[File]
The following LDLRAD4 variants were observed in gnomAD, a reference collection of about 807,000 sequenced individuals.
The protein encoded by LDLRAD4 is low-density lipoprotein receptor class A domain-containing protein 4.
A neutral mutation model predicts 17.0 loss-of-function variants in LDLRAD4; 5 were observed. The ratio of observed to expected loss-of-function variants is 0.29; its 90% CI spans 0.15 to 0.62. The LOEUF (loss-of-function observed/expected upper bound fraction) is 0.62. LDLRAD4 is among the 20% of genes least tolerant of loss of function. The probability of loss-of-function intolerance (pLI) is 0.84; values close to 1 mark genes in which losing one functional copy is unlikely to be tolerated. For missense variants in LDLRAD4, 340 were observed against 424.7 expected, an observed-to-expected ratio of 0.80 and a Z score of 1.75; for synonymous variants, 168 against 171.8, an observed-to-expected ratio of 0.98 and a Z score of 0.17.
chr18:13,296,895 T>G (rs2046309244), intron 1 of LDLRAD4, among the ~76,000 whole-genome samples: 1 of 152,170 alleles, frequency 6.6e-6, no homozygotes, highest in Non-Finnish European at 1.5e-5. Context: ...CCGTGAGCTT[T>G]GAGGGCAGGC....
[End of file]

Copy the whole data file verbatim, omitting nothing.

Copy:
The following LDLRAD4 variants were observed in gnomAD, a reference collection of about 807,000 sequenced individuals.
The protein encoded by LDLRAD4 is low-density lipoprotein receptor class A domain-containing protein 4.
A neutral mutation model predicts 17.0 loss-of-function variants in LDLRAD4; 5 were observed. The ratio of observed to expected loss-of-function variants is 0.29; its 90% CI spans 0.15 to 0.62. The LOEUF (loss-of-function observed/expected upper bound fraction) is 0.62. LDLRAD4 is among the 20% of genes least tolerant of loss of function. The probability of loss-of-function intolerance (pLI) is 0.84; values close to 1 mark genes in which losing one functional copy is unlikely to be tolerated. For missense variants in LDLRAD4, 340 were observed against 424.7 expected, an observed-to-expected ratio of 0.80 and a Z score of 1.75; for synonymous variants, 168 against 171.8, an observed-to-expected ratio of 0.98 and a Z score of 0.17.
chr18:13,296,895 T>G (rs2046309244), intron 1 of LDLRAD4, among the ~76,000 whole-genome samples: 1 of 152,170 alleles, frequency 6.6e-6, no homozygotes, highest in Non-Finnish European at 1.5e-5. Context: ...CCGTGAGCTT[T>G]GAGGGCAGGC....